This might be the future of wind repowering in the United States. In a first-of-its-kind project, the owner of a pioneering Illinois wind farm will bring down an aging fleet of 15-year-old turbines in a process akin to trees being logged in a forest.
The Mendota Hills site, in operation since 2003, was the first utility-scale wind farm in Illinois. The project owner, Dallas-based Leeward Renewable Energy, is replacing sixty-three 850-kilowatt Gamesa turbines with twenty-nine 2.6-megawatt turbines from Siemens Gamesa. The new project will increase power capacity at the site from just over 50 megawatts to 76 megawatts.
In an interview, CEO Greg Wolf told Greentech Media that Leeward is exploring repowering opportunities across its portfolio. Seventeen of the company’s 19 wind farms are beyond their 10-year Production Tax Credit (PTC) period. Mendota Hills is the oldest operating wind farm in its portfolio.
“Certainly, technology advancements and economics that come with those efficiency gains are a big part of the driving force,” he said.
The coming repowering wave
For wind project owners, the repowering decision is coming. As Greentech Media recently reported, North America’s fleet of aging turbines is prompting wind farm owners to consider whether to opt for partial (replacing blades, gearboxes or other components) or full-scale (complete teardown of existing turbines and installation of new equipment) repowering of their projects.
The National Renewable Energy Laboratory estimates that in the U.S. alone, annual repowering investments could reach $25 billion by 2030.
“The point we’re at now in the wind industry is, we have an old enough installed asset base to start looking at turbines that have reached their end of life,” Luke Lewandowski, research manager of MAKE Consulting, said in an interview.
He added that it’s a much easier decision for owners if the original offtaker agreement has expired and the project is in a location with steady winds.
“The challenge with repowering is a lot of these older projects have very lucrative offtake agreements. As the cost of renewables has dropped over the last decade, folks don’t really want to disrupt those lucrative contracts to reinvest in a project,” said Lewandowski.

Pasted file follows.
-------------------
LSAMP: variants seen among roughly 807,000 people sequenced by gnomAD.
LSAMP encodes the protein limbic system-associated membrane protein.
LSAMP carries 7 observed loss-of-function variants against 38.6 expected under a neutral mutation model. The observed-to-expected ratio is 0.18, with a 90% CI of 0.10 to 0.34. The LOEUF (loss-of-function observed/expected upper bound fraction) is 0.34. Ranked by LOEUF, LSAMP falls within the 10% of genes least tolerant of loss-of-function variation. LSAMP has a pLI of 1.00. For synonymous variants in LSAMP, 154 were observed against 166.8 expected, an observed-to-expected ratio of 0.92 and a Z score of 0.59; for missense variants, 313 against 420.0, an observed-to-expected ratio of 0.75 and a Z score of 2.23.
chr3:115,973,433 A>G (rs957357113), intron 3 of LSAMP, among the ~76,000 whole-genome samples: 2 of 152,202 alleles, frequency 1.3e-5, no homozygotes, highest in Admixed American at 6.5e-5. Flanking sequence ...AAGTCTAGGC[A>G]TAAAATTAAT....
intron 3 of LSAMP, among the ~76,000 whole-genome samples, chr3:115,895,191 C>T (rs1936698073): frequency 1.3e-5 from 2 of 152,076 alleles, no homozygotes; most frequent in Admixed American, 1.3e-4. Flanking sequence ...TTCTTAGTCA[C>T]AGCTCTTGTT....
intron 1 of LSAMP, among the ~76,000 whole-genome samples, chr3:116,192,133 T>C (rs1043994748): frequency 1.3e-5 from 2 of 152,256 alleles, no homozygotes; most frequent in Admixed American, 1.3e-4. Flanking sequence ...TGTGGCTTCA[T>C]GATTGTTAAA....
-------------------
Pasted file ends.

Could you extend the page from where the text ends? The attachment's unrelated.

“Part of the trend…in repowering is that a lot of the initial sites were positioned to take advantage of strong winds,” he added. “Obviously, they want to site the new turbines at the same spot, especially if the transmission can support it.”
Mendota Hills met both criteria. The original offtake agreement and 10-year PTC had expired. And the original project planners sited the wind farm in an area with some of the best wind resources in the state.
Leeward Renewable Energy worked with Siemens Gamesa to “safe-harbor” enough equipment, beginning in 2016, to ensure that the repowering project would qualify for a 100 percent 10-year PTC. Language in the December 2015 renewable energy tax extenders package stated that a project must commence construction by December 31, 2016 to qualify for the full PTC. Under IRS guidance, a wind project owner meets the safe-harbor requirement, and locks in the commence-construction date, by spending 5 percent or more of the total project cost.
A “Paul Bunyan” method to bring down the turbines
Deconstruction commenced at the Mendota Hills site this month. The teams working on the project refer to the process as the “Paul Bunyan” method.
First, all fluids are removed from the turbines. Next, the turbines are severed at the base and pulled down in a controlled fall via chains running from the top of the turbine hub to bulldozers on the ground. “It’s no different from, in a sense, cutting down a tree,” said Wolf.
With the turbine towers and blades on the ground, the existing foundations will be removed, and new foundations poured to accommodate the larger turbines to come.
Wolf said Leeward decided against the conventional turbine deconstruction method. In that approach, a crane is used in a top-down process that essentially reverses the initial erection of the turbine. This method is commonly used if the turbine is to be refurbished and sold on the secondary market.
According to Wolf, Leeward opted against resale of the original Mendota Hills turbines because of expected logistics and shipping costs. Instead, steel from the old turbines will be recycled. Leeward expects the Paul Bunyan method of teardown to be at least 25 percent cheaper than the conventional alternative.
The project timeline calls for construction, including upgrades at the substation interconnection and erection of new turbines, to be completed and for the new wind farm to be feeding into the grid by the end of 2018.
New equipment improves project economics
Leeward is unable to disclose the terms of the new power-purchase agreement signed with offtaker Digital Realty, a data center operator. But according to Wolf, “It’s consistent with most other C&I marketplace procurements you’ll see today.”
Leeward Renewable Energy hopes to reduce per-megawatt-hour costs by 30 percent to 50 percent at the repowered Mendota Hills project. When asked if Leeward will still hit that mark, Wolf said the outlook is positive. “The site will be within that range, and we think at the upper end of that range,” he said.
Going from a 52-meter rotor and 2003 technology to a 126-meter rotor and 2018 technology will significantly improve the economics of the project, said Wolf. “We expect the efficiency of that, and therefore the operating cost per megawatt-hour, to give us a very important uplift for this site to be competitive in today’s market.”